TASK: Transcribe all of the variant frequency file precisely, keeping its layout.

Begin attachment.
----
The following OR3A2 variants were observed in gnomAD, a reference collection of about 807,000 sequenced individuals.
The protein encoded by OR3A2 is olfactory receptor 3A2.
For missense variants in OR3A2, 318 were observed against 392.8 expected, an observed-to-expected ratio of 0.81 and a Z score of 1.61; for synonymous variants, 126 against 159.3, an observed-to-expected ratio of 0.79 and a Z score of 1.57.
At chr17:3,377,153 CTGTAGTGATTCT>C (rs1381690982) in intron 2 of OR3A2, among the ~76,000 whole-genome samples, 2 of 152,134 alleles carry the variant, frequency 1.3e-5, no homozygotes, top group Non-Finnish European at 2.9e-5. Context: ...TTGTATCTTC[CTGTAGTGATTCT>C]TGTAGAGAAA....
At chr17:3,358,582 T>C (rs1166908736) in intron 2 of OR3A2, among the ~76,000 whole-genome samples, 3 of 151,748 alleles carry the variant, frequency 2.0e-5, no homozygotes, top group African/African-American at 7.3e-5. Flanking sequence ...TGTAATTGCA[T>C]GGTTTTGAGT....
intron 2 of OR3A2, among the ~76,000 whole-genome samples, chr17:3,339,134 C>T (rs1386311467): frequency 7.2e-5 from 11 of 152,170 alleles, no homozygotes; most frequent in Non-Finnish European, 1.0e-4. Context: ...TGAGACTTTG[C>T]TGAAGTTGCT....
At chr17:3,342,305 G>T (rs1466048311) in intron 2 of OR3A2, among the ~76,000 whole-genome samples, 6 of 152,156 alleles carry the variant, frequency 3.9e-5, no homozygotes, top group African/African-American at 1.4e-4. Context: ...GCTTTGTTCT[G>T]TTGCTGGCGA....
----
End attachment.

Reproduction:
The following OR3A2 variants were observed in gnomAD, a reference collection of about 807,000 sequenced individuals.
The protein encoded by OR3A2 is olfactory receptor 3A2.
For missense variants in OR3A2, 318 were observed against 392.8 expected, an observed-to-expected ratio of 0.81 and a Z score of 1.61; for synonymous variants, 126 against 159.3, an observed-to-expected ratio of 0.79 and a Z score of 1.57.
At chr17:3,377,153 CTGTAGTGATTCT>C (rs1381690982) in intron 2 of OR3A2, among the ~76,000 whole-genome samples, 2 of 152,134 alleles carry the variant, frequency 1.3e-5, no homozygotes, top group Non-Finnish European at 2.9e-5. Context: ...TTGTATCTTC[CTGTAGTGATTCT>C]TGTAGAGAAA....
At chr17:3,358,582 T>C (rs1166908736) in intron 2 of OR3A2, among the ~76,000 whole-genome samples, 3 of 151,748 alleles carry the variant, frequency 2.0e-5, no homozygotes, top group African/African-American at 7.3e-5. Flanking sequence ...TGTAATTGCA[T>C]GGTTTTGAGT....
intron 2 of OR3A2, among the ~76,000 whole-genome samples, chr17:3,339,134 C>T (rs1386311467): frequency 7.2e-5 from 11 of 152,170 alleles, no homozygotes; most frequent in Non-Finnish European, 1.0e-4. Context: ...TGAGACTTTG[C>T]TGAAGTTGCT....
At chr17:3,342,305 G>T (rs1466048311) in intron 2 of OR3A2, among the ~76,000 whole-genome samples, 6 of 152,156 alleles carry the variant, frequency 3.9e-5, no homozygotes, top group African/African-American at 1.4e-4. Context: ...GCTTTGTTCT[G>T]TTGCTGGCGA....